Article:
Hi Todd, that is a really useful blog [referencing my post Online Options for UK Diamonds] and I thank you from myself and probably many others. After looking through the James Allen, Blue Nile And Brian Gavin sites, I found several options within my budget of $3,000.00 can you look them over [links below] and give me some insight as to which would be your preferred options? Also, how easy would it be to have a stone set if I ordered it as a loose diamond and either took it to a local jeweler or decided upon the James Allen setting but didn’t want any of their stones? Kind regards and thank once more. You have no idea how useful it is to be able to discuss things with such an experienced and enthusiastic person! — Richard T.
Thanks Richard, I’m so happy that you enjoyed my blog post about buying a diamond from the United Kingdom, and I’m more than happy to help you sift through all of the options… Let’s face it, after 25+ years working as a diamond buyer, it only takes me a few seconds to consider all of the data provided on a diamond grading report, and a diamond details page, and I’m pretty sure that you don’t want to spend the next three weeks trying to become an expert in diamonds.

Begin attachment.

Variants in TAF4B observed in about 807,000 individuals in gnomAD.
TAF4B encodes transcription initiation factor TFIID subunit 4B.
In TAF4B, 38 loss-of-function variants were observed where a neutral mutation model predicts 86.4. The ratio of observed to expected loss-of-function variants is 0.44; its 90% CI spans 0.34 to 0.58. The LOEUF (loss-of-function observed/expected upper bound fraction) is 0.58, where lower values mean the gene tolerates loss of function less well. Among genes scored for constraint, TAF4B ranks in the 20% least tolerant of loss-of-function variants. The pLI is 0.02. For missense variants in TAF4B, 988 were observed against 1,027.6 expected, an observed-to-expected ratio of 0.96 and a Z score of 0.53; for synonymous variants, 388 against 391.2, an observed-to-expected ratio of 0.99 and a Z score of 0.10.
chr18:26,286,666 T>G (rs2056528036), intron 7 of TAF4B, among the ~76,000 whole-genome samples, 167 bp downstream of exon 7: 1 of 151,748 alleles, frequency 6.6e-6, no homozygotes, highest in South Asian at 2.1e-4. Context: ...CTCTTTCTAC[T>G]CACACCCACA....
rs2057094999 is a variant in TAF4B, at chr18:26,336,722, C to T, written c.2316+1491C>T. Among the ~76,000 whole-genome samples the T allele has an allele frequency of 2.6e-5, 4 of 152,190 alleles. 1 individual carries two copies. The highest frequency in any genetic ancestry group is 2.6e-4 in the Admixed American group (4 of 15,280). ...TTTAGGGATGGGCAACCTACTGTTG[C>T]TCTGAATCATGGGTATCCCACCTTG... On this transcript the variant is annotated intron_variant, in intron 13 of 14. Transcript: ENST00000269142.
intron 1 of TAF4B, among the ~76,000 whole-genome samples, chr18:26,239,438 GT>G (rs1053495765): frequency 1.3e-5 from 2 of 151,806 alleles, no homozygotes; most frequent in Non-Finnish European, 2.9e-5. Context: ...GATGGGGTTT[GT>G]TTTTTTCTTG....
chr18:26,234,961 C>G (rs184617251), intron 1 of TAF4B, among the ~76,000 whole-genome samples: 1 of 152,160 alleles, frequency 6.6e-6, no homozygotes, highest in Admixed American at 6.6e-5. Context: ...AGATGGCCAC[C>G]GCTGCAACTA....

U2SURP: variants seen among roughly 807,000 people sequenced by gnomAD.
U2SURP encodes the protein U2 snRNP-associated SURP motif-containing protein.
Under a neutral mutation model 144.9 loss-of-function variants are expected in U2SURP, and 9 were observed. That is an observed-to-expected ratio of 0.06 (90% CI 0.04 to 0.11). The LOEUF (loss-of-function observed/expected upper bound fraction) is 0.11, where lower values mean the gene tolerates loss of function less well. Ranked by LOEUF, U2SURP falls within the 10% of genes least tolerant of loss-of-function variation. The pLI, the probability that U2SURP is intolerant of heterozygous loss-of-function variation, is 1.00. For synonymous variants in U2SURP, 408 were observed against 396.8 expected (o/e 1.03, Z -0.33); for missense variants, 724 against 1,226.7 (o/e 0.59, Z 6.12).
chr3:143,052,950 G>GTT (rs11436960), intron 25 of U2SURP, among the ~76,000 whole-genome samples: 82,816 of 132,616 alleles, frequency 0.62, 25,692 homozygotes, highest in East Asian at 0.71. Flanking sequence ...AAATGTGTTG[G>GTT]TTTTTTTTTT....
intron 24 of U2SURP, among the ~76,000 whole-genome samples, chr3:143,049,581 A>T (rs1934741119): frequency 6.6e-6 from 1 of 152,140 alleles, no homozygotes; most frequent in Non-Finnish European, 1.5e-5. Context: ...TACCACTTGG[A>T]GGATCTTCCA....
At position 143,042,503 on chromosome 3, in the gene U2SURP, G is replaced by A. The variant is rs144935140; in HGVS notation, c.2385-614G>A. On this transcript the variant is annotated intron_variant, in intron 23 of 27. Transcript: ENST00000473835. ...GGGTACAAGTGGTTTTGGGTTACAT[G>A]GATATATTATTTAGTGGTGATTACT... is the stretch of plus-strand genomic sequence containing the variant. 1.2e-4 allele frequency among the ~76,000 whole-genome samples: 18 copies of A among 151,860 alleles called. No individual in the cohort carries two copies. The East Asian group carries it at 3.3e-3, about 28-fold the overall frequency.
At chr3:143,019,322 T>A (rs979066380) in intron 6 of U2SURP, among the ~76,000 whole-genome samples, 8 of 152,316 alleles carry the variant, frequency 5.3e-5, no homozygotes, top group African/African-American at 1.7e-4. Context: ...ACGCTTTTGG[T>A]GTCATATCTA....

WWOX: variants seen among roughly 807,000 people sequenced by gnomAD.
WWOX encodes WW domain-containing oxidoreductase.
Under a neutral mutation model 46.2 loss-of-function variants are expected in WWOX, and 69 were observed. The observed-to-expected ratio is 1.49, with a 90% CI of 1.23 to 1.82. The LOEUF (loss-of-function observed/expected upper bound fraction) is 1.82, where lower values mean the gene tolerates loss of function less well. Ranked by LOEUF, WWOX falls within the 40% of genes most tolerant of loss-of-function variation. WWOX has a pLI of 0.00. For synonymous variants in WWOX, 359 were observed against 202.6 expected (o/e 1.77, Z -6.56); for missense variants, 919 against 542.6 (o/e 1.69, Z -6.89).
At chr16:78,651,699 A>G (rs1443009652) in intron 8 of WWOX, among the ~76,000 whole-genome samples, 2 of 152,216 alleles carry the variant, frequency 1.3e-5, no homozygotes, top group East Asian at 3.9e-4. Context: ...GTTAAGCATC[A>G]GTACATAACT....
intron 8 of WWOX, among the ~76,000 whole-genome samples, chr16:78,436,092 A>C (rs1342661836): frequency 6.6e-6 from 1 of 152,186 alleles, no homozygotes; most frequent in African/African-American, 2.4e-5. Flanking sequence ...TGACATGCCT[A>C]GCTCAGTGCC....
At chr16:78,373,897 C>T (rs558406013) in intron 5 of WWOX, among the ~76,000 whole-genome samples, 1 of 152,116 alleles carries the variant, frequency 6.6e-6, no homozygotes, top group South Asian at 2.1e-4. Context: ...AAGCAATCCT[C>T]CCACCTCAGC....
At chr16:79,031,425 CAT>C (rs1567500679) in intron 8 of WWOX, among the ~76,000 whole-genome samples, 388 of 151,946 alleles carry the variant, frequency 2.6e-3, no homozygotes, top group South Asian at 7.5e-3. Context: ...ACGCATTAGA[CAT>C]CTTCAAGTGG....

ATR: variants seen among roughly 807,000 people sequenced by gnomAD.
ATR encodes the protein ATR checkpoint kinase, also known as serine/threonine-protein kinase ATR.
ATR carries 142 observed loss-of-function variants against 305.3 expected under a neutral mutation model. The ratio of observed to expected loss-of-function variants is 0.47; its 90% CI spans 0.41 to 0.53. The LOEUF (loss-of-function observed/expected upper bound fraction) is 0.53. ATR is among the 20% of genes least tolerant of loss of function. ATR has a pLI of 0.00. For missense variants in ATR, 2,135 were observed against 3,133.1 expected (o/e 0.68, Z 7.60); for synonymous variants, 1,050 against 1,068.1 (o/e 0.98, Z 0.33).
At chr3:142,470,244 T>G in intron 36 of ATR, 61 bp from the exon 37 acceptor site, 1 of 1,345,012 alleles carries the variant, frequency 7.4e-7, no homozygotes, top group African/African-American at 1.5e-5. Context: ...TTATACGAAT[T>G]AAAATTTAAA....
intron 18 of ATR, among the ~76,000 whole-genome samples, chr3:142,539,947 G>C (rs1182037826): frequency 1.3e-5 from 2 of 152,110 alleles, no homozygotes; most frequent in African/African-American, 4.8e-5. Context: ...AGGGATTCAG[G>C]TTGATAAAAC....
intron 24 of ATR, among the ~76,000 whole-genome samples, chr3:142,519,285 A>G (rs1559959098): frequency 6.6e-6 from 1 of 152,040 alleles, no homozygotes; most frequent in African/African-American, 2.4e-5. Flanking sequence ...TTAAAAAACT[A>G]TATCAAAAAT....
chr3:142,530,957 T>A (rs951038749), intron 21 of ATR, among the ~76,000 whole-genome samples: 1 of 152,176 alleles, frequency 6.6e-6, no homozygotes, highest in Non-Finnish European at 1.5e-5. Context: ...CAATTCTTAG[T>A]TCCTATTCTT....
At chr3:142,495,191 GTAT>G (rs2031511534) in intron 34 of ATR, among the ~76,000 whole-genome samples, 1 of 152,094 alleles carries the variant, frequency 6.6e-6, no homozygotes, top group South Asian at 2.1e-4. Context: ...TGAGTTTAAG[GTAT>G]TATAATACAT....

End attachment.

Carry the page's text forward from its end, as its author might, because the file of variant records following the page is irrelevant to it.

I’m really excited about this opportunity to write a comparison of Blue Nile and James Allen Diamonds, let’s take a look at these puppies and determine what the best options are!
Note: Blue Nile changed the format of how deep links were created when they switched their affiliate network from GAN to CJ, and thus the original links to the following diamonds were broken and have been replaced with links directed to their diamond search engine, which is fine since these options have probably sold by now. Please use my free Diamond Concierge Service if you would like me to help you find the best options currently available, but the information that can be obtained by reading the article is still applicable even if the diamond details pages can not be accessed.